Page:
Rants, Feelings & Opinions

Gillian Robespierre is the Nora Ephron of Postmodern Romance

February 23, 2018

How are romantic comedies shaping the 21st Century narrative of love, romance and heartache? Annie Fell discusses rom-coms, morally complex women, and love in Gillian Robespierre’s 2017 film Landline.

Nora Ephron’s 1983 novel Heartburn fictionalized the dissolution of her marriage to Carl Bernstein following his affair with British politician Margaret Jay. While directing the film adaptation of the novel in 1986, Mike Nichols questioned why Ephron didn’t offer her cheating husband’s side of the story; Meryl Streep, who starred as Ephron’s celluloid surrogate, defended the film’s exclusively feminine perspective: “This is about the person who got hit by the bus. It’s not about the bus.”

Last summer’s Landline, directed by Gillian Robespierre, is about the bus. Her second feature collaboration with writer Elisabeth Holm and actress-comedian Jenny Slate, the film follows Dana Jacobs (Slate) as she reconciles discovering her dad’s extramarital affair with the fact that she herself has been cheating on her fiancé. Though it’s set in the latter half of 1995, it’s a thoroughly modern framing of sex and love as a cinematic subject. The movie explores the various forms love, romance, and sex can take: Dana’s stagnant relationship with her fiancé Ben (Jay Duplass); her fraught but increasingly affectionate relationship with her teenage sister Ali (Abby Quinn), and the inverse of that between their parents (Edie Falco and John Turturro); Ali’s growing resentment toward their father; and Dana’s manic, regressive affair with her college boyfriend Nate (Finn Wittrock).

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Landline isn’t Robespierre’s first dalliance with the unorthodox romantic comedy; in 2014, she released her first feature, Obvious Child, which starred Slate as a stand up comedian who gets an abortion on Valentine’s Day after what was supposed to be a one night stand. It’s a story that deserves, in terms of the classic rom-com story arc, the predictable happy ending — a semi-anonymous hookup blossoms into a potential relationship — as opposed to the tragic plot line that has been nearly inextricable from abortion stories in pop culture. Like Ephron, Robespierre tells stories from an exclusively female perspective, one that is shockingly lacking in a genre for which the audience is overwhelmingly on the femme end of the spectrum.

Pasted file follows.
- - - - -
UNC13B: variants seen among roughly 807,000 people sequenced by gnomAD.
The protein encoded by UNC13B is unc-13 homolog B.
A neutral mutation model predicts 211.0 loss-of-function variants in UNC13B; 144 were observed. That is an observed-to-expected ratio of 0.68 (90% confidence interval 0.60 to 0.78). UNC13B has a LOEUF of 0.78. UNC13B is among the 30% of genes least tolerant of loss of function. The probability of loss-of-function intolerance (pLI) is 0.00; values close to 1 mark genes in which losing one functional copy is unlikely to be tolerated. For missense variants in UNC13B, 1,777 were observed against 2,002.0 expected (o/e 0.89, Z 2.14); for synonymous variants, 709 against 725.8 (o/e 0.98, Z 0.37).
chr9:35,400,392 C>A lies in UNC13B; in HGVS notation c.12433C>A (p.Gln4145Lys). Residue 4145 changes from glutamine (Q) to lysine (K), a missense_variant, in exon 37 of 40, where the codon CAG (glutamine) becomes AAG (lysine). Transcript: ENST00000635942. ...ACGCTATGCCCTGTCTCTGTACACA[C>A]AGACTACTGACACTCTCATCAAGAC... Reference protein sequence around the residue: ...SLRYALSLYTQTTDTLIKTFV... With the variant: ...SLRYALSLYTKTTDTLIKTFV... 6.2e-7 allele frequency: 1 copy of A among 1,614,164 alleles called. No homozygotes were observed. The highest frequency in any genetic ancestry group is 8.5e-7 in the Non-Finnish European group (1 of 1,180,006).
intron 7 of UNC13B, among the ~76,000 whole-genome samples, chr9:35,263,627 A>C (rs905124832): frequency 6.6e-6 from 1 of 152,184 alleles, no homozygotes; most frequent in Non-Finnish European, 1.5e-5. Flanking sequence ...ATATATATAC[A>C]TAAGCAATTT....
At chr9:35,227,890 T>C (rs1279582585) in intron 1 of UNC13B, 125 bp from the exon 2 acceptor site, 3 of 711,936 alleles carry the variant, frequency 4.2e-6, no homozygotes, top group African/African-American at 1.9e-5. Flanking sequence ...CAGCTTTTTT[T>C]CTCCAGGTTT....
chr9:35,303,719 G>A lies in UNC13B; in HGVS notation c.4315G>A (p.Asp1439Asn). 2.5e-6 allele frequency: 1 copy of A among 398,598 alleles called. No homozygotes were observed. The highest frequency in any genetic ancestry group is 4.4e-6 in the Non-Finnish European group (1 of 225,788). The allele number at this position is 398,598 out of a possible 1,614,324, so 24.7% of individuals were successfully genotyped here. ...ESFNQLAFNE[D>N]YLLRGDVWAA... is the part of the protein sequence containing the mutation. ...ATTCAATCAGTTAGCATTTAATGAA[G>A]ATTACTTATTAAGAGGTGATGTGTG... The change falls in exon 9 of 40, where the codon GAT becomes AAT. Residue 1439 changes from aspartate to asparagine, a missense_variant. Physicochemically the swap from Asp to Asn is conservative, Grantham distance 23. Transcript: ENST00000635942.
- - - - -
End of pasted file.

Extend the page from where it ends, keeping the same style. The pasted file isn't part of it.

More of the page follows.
Mainstream film in the past decade, give or take, has been deficient of interesting romantic comedies. Most rom-coms have been stuck on the same question that Ephron answered long before Y2K: What’s the difference between men and women? In her own words, Ephron explains her findings:

Men don’t want to be friends with women. Men know they don’t understand women, and they don’t much care… Women, on the other hand, are dying to be friends with men. Women know that they don’t understand men, and it bothers them: they think that if only they could be friends with them, they would understand them and, what’s more (and this is their gravest mistake) it would help.